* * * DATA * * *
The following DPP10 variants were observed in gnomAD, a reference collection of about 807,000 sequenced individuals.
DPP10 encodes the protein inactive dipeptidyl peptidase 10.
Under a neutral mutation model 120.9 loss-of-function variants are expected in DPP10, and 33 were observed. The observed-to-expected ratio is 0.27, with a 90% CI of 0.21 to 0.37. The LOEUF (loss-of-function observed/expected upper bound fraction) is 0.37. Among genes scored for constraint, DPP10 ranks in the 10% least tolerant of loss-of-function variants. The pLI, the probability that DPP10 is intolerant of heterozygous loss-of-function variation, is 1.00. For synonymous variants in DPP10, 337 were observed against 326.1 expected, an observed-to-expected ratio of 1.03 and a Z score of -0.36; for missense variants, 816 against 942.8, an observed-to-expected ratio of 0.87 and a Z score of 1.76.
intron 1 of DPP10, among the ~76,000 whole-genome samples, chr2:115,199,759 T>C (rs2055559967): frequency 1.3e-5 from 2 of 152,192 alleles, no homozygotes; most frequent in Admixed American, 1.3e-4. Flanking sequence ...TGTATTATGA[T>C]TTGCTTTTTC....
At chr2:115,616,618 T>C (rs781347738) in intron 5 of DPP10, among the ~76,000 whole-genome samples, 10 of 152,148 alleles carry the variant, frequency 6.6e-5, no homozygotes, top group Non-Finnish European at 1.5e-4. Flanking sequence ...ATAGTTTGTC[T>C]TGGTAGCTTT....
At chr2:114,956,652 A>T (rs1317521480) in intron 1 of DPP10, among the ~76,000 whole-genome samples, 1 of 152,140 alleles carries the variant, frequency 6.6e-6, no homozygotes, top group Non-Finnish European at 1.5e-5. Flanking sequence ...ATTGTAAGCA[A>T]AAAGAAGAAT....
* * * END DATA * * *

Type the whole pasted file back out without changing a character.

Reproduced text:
The following DPP10 variants were observed in gnomAD, a reference collection of about 807,000 sequenced individuals.
DPP10 encodes the protein inactive dipeptidyl peptidase 10.
Under a neutral mutation model 120.9 loss-of-function variants are expected in DPP10, and 33 were observed. The observed-to-expected ratio is 0.27, with a 90% CI of 0.21 to 0.37. The LOEUF (loss-of-function observed/expected upper bound fraction) is 0.37. Among genes scored for constraint, DPP10 ranks in the 10% least tolerant of loss-of-function variants. The pLI, the probability that DPP10 is intolerant of heterozygous loss-of-function variation, is 1.00. For synonymous variants in DPP10, 337 were observed against 326.1 expected, an observed-to-expected ratio of 1.03 and a Z score of -0.36; for missense variants, 816 against 942.8, an observed-to-expected ratio of 0.87 and a Z score of 1.76.
intron 1 of DPP10, among the ~76,000 whole-genome samples, chr2:115,199,759 T>C (rs2055559967): frequency 1.3e-5 from 2 of 152,192 alleles, no homozygotes; most frequent in Admixed American, 1.3e-4. Flanking sequence ...TGTATTATGA[T>C]TTGCTTTTTC....
At chr2:115,616,618 T>C (rs781347738) in intron 5 of DPP10, among the ~76,000 whole-genome samples, 10 of 152,148 alleles carry the variant, frequency 6.6e-5, no homozygotes, top group Non-Finnish European at 1.5e-4. Flanking sequence ...ATAGTTTGTC[T>C]TGGTAGCTTT....
At chr2:114,956,652 A>T (rs1317521480) in intron 1 of DPP10, among the ~76,000 whole-genome samples, 1 of 152,140 alleles carries the variant, frequency 6.6e-6, no homozygotes, top group Non-Finnish European at 1.5e-5. Flanking sequence ...ATTGTAAGCA[A>T]AAAGAAGAAT....